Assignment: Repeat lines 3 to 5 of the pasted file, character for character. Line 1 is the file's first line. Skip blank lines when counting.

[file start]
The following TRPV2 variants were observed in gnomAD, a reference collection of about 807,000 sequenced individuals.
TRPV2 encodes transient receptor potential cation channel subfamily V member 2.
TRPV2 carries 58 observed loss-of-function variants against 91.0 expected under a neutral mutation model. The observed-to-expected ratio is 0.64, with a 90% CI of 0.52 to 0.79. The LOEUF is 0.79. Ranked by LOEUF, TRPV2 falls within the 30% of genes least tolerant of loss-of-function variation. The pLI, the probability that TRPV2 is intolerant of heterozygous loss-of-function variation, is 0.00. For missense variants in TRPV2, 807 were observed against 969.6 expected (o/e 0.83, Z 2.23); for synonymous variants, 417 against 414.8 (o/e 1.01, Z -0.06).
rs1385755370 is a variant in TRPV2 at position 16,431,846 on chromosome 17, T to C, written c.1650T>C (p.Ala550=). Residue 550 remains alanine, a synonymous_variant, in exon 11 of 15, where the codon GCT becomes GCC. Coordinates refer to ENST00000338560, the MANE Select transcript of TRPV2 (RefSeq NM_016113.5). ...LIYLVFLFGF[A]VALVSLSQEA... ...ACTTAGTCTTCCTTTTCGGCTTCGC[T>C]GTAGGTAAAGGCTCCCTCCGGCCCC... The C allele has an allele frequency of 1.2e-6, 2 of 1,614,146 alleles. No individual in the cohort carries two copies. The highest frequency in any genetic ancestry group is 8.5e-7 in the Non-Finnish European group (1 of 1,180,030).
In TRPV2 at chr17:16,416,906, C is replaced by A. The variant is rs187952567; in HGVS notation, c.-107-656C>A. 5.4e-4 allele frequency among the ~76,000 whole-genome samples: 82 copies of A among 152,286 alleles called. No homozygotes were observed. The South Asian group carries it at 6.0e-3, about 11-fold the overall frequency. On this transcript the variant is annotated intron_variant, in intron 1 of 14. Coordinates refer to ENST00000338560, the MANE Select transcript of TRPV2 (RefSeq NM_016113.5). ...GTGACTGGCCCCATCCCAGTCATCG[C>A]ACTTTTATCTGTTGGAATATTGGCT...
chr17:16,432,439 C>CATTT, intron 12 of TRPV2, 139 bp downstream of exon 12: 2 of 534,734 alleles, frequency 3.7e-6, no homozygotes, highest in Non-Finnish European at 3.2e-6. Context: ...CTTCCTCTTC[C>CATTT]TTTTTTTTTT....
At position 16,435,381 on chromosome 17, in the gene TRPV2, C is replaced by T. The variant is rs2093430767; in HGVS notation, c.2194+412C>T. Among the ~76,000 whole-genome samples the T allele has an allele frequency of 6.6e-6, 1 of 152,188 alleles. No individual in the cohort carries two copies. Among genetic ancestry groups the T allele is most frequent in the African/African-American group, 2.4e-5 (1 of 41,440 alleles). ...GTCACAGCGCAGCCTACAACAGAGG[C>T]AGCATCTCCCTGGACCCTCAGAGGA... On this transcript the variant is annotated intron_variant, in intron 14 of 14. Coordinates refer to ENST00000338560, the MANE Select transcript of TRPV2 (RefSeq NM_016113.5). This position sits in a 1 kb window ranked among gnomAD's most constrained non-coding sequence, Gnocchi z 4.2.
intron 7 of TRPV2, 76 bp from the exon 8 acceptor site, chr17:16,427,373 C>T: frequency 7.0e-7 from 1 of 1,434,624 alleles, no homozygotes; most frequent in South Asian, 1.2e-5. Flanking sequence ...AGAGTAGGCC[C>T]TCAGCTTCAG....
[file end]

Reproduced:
TRPV2 carries 58 observed loss-of-function variants against 91.0 expected under a neutral mutation model. The observed-to-expected ratio is 0.64, with a 90% CI of 0.52 to 0.79. The LOEUF is 0.79. Ranked by LOEUF, TRPV2 falls within the 30% of genes least tolerant of loss-of-function variation. The pLI, the probability that TRPV2 is intolerant of heterozygous loss-of-function variation, is 0.00. For missense variants in TRPV2, 807 were observed against 969.6 expected (o/e 0.83, Z 2.23); for synonymous variants, 417 against 414.8 (o/e 1.01, Z -0.06).
rs1385755370 is a variant in TRPV2 at position 16,431,846 on chromosome 17, T to C, written c.1650T>C (p.Ala550=). Residue 550 remains alanine, a synonymous_variant, in exon 11 of 15, where the codon GCT becomes GCC. Coordinates refer to ENST00000338560, the MANE Select transcript of TRPV2 (RefSeq NM_016113.5). ...LIYLVFLFGF[A]VALVSLSQEA... ...ACTTAGTCTTCCTTTTCGGCTTCGC[T>C]GTAGGTAAAGGCTCCCTCCGGCCCC... The C allele has an allele frequency of 1.2e-6, 2 of 1,614,146 alleles. No individual in the cohort carries two copies. The highest frequency in any genetic ancestry group is 8.5e-7 in the Non-Finnish European group (1 of 1,180,030).
In TRPV2 at chr17:16,416,906, C is replaced by A. The variant is rs187952567; in HGVS notation, c.-107-656C>A. 5.4e-4 allele frequency among the ~76,000 whole-genome samples: 82 copies of A among 152,286 alleles called. No homozygotes were observed. The South Asian group carries it at 6.0e-3, about 11-fold the overall frequency. On this transcript the variant is annotated intron_variant, in intron 1 of 14. Coordinates refer to ENST00000338560, the MANE Select transcript of TRPV2 (RefSeq NM_016113.5). ...GTGACTGGCCCCATCCCAGTCATCG[C>A]ACTTTTATCTGTTGGAATATTGGCT...